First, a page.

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Technical Paper

Analysis of Performance Results from FutureTruck 2001

The 2001 FutureTruck competition involved 15 universities from across North America that were invited to apply a wide range of advanced technologies to improve energy efficiency and reduce greenhouse gas impact while producing near-zero regulated exhaust emissions in a 2000 Chevrolet Suburban. The modified vehicles designated as FutureTrucks demonstrated improvements in greenhouse gas emissions, tailpipe emissions, and over-the-road fuel economy compared with the stock vehicle on which they were based. The technologies represented in the vehicles included ICE-engines and fuel cell hybrid electric vehicle propulsion systems, a range of conventional and alternative fuels, advanced exhaust emissions controls, and light weighting technologies.
Technical Paper

Analysis of Vehicle Performance at the FutureTruck 2002 Competition

In June of 2002, 15 universities participated in the third year of FutureTruck, an advanced vehicle competition sponsored by the U.S. Department of Energy and Ford Motor Company. Using advanced technologies, teams strived to improve vehicle energy efficiency by at least 25%, reduce tailpipe emissions to ULEV levels, and lower greenhouse gas impact of a 2002 Ford Explorer. The competition vehicles were tested for dynamic performance and emissions and were judged in static events to evaluate the design and features of the vehicle. The dynamic events include braking, acceleration, handling, and fuel economy, while the dynamometer testing provided data for both the emissions event and the greenhouse gas event. The vehicles were scored for their performance in each event relative to each other; those scores were summed to determine the winner of the competition. The competition structure included different available fuels and encouraged the use of hybrid electric drivetrains.
Technical Paper

Breaking Down Technology Barriers for Advanced Vehicles: The Graduate Automotive Technology Education (GATE) Program

The U.S. Department of Energy (DOE) Office of Advanced Automotive Technologies (OAAT), in partnership with industry, is developing transportation technologies that will improve the energy efficiency of our transportation system. Most OAAT programs are focused exclusively on technology development. However, the twin goals of developing innovative technologies and transferring them to industry led OAAT to realize the growing need for people trained in non-traditional, emerging technologies. The Graduate Automotive Technology Education (GATE) program combines graduate-level education with technology development and transfer by training a new generation of automotive engineers in critical multi-disciplinary technologies, by fostering cooperative research in those technologies, and by transferring those technologies directly to industrial organizations.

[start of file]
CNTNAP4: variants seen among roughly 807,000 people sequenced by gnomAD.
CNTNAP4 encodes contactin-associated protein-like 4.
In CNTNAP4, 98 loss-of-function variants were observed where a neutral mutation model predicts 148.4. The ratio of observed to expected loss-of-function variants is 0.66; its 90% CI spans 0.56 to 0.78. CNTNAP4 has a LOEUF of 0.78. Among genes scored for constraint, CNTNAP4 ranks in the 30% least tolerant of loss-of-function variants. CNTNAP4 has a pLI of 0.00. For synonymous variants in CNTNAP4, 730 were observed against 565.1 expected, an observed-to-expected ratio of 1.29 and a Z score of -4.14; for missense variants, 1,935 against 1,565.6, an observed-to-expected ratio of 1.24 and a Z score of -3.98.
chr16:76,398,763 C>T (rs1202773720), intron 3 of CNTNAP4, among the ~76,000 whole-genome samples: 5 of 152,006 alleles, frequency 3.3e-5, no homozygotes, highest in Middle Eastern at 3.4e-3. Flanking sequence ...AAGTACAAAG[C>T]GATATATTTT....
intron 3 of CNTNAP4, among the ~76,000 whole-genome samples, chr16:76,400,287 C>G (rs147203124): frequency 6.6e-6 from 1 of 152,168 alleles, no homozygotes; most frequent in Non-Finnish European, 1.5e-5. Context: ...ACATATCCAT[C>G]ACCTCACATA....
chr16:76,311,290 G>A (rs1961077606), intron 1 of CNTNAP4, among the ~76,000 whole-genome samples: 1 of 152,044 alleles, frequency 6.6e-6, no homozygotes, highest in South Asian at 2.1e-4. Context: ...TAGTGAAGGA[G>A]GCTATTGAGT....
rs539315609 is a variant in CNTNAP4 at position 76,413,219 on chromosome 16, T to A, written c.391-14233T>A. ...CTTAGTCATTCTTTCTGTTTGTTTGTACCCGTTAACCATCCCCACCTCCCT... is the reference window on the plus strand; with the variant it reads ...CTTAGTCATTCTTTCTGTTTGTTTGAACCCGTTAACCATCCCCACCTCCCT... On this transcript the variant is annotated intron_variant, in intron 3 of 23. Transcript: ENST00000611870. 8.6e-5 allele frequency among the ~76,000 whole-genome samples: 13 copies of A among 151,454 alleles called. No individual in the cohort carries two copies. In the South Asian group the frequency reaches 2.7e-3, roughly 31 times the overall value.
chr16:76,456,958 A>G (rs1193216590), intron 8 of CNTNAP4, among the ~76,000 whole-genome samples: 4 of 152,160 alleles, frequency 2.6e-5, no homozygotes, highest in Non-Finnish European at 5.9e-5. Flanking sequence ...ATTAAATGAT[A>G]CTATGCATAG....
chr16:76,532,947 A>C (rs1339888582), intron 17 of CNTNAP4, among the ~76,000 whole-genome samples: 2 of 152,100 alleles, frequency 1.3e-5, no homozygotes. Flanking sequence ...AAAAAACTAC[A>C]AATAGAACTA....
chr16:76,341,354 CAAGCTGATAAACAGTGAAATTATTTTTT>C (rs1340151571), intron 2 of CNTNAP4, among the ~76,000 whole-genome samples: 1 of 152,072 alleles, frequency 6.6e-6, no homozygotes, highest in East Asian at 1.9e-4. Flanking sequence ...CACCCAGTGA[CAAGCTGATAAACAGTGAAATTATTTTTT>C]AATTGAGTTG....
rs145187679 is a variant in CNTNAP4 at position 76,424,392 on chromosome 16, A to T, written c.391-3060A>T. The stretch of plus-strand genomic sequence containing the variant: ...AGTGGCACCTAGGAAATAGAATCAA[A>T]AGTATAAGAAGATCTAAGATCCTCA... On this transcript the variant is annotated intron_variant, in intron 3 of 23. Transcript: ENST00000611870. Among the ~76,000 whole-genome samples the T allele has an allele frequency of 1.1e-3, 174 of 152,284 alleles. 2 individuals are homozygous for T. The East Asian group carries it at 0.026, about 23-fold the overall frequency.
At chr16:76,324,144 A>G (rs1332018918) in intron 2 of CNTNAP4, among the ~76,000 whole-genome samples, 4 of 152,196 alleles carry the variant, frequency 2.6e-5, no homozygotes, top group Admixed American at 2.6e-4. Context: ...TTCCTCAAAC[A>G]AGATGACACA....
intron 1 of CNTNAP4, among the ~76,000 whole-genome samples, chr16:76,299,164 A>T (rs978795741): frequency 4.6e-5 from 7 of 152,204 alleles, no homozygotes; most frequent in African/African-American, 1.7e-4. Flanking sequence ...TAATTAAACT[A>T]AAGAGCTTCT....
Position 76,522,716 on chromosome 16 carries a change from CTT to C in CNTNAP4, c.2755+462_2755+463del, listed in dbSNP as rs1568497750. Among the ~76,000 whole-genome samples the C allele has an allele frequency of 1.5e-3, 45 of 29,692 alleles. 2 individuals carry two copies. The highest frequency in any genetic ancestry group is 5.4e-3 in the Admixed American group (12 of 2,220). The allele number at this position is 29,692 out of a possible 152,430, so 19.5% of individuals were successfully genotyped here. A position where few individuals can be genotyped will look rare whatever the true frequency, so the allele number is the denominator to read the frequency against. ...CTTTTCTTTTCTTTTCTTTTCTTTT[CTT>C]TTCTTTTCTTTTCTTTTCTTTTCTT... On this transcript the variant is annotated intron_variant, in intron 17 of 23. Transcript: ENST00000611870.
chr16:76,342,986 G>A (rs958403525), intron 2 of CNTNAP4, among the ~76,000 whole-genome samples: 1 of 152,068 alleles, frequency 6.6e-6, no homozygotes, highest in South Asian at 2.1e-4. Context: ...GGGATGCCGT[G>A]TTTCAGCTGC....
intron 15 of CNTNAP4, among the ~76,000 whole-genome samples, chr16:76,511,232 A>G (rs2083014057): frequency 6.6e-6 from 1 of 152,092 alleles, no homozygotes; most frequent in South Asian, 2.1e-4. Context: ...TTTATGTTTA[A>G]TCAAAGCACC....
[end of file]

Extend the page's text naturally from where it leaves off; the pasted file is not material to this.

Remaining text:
Technical Paper

Characterization and Comparison of Two Hybrid Electric Vehicles (HEVs) - Honda Insight and Toyota Prius

Two limited-production hybrid electric vehicles (HEVs) - a 1988 Japanese model Toyota Prius and a 2000 Honda Insight - were tested at Argonne National Laboratory to collect data from vehicle component and systems operation. The test data are used to analyze operation and efficiency and to help validate computer simulation models. Both HEVs have FTP fuel economy greater than 45 miles per gallon and also have attributes very similar to those of conventional gasoline vehicles, even though each HEV has a unique powertrain configuration and operation control strategy. The designs and characteristics of these vehicles are of interest because they represent production technology with all the compromises for production included. This paper will explore both designs, their control strategies, and under what conditions high fuel economy was achieved.
Technical Paper

In-Situ Mapping and Analysis of the Toyota Prius HEV Engine

The Prius is a major achievement by Toyota: it is the first mass-produced HEV with the first available HEV-optimized engine. Argonne National Laboratory's Advanced Powertrain Test Facility has been testing the Prius for model validation and technology performance and assessment. A significant part of the Prius test program is focused on testing and mapping the engine. A short-length torque sensor was installed in the powertrain in-situ. The torque sensor data allow insight into vehicle operational strategy, engine utilization, engine efficiency, and specific emissions. This paper describes the design and process necessary to install a torque sensor in a vehicle and shows the high-fidelity data measured during chassis dynamometer testing. The engine was found to have a maximum thermodynamic efficiency of 36.4%. Emissions and catalyst efficiency maps were also produced.
Technical Paper

Investigation of Practical HEV Test Procedures with Prototypes from the 1997 FutureCar Challenge

Many problems are associated with applying standardized vehicle test methods, such as the Federal Test Procedure (FTP), to hybrid electric vehicles (HEVs). Since 1992, the Society of Automotive Engineers' (SAE's) HEV Test Procedure Task Force has been working on developing a standard procedure for HEV testing (Draft SAE J1711). Because the current draft requires considerable knowledge of the vehicle's response to the test cycles, still has unresolved problems, and is too lengthy, Argonne National Laboratory (ANL) uses portions of past J1711 drafts in combination with concepts developed through many HEV tests (over 50 to date) for its HEV competition testing. Successful vehicle characterization was achieved at the 1997 FutureCar Challenge competition by characterizing each vehicle's individual operational modes in such a way that the elements of the FTP and Federal Highway Test were satisfied.